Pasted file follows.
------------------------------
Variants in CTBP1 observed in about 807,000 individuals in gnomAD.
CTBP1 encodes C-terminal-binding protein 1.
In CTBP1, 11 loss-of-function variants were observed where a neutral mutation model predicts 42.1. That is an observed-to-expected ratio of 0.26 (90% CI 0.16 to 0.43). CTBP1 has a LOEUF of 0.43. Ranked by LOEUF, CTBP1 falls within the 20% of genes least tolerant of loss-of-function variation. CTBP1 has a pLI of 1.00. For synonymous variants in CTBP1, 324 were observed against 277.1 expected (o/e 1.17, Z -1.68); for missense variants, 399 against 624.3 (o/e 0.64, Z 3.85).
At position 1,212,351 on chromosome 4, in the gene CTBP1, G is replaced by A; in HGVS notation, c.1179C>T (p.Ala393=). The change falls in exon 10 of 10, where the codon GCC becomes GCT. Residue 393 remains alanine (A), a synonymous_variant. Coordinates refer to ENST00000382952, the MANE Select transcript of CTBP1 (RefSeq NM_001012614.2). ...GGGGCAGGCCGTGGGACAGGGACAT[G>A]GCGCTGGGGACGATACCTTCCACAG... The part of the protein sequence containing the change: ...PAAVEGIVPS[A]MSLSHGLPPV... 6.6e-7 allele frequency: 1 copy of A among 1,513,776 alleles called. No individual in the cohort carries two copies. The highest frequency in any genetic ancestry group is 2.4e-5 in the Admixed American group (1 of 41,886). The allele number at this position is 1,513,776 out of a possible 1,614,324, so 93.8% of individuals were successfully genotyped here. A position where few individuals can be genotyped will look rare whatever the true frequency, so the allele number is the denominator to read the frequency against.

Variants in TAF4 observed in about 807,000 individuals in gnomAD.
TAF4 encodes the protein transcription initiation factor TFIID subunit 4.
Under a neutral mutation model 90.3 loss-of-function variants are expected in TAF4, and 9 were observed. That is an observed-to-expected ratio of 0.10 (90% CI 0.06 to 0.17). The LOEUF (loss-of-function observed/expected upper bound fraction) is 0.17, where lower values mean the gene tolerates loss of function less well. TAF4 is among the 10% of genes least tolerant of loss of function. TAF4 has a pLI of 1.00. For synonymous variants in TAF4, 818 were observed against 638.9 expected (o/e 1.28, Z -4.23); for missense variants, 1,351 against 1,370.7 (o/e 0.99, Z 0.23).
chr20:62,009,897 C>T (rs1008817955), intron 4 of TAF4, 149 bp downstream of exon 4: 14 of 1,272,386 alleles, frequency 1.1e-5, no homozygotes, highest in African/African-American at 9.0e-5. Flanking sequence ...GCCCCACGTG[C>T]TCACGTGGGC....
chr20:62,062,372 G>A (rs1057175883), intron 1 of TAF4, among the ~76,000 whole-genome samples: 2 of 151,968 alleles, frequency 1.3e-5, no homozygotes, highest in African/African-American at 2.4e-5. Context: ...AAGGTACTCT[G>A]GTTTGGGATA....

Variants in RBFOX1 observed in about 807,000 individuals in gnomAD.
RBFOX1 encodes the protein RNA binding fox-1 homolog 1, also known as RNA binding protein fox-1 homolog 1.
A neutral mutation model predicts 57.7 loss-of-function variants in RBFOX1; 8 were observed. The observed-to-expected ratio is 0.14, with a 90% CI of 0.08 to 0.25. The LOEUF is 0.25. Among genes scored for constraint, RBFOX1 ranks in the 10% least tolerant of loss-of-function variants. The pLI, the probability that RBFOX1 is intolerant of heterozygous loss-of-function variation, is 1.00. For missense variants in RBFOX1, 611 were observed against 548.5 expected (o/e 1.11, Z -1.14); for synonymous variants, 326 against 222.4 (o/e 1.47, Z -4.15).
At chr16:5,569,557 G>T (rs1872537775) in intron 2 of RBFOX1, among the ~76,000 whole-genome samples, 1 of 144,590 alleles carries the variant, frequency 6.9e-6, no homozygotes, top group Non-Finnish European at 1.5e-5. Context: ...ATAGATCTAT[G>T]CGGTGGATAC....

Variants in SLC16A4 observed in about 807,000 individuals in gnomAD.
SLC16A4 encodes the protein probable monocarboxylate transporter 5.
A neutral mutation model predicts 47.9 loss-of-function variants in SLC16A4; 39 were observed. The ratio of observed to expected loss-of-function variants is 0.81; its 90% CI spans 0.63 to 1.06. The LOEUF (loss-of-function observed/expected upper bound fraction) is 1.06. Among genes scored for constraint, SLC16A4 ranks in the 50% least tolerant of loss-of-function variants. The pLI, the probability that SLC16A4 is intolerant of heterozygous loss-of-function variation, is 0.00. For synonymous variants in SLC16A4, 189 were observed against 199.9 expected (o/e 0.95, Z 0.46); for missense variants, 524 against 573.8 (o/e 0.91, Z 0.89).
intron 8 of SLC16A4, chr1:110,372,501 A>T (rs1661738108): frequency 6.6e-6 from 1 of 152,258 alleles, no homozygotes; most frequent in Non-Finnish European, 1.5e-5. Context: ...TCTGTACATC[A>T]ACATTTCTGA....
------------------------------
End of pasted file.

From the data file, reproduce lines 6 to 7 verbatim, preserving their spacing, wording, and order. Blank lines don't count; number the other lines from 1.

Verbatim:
TAF4 encodes the protein transcription initiation factor TFIID subunit 4.
Under a neutral mutation model 90.3 loss-of-function variants are expected in TAF4, and 9 were observed. That is an observed-to-expected ratio of 0.10 (90% CI 0.06 to 0.17). The LOEUF (loss-of-function observed/expected upper bound fraction) is 0.17, where lower values mean the gene tolerates loss of function less well. TAF4 is among the 10% of genes least tolerant of loss of function. TAF4 has a pLI of 1.00. For synonymous variants in TAF4, 818 were observed against 638.9 expected (o/e 1.28, Z -4.23); for missense variants, 1,351 against 1,370.7 (o/e 0.99, Z 0.23).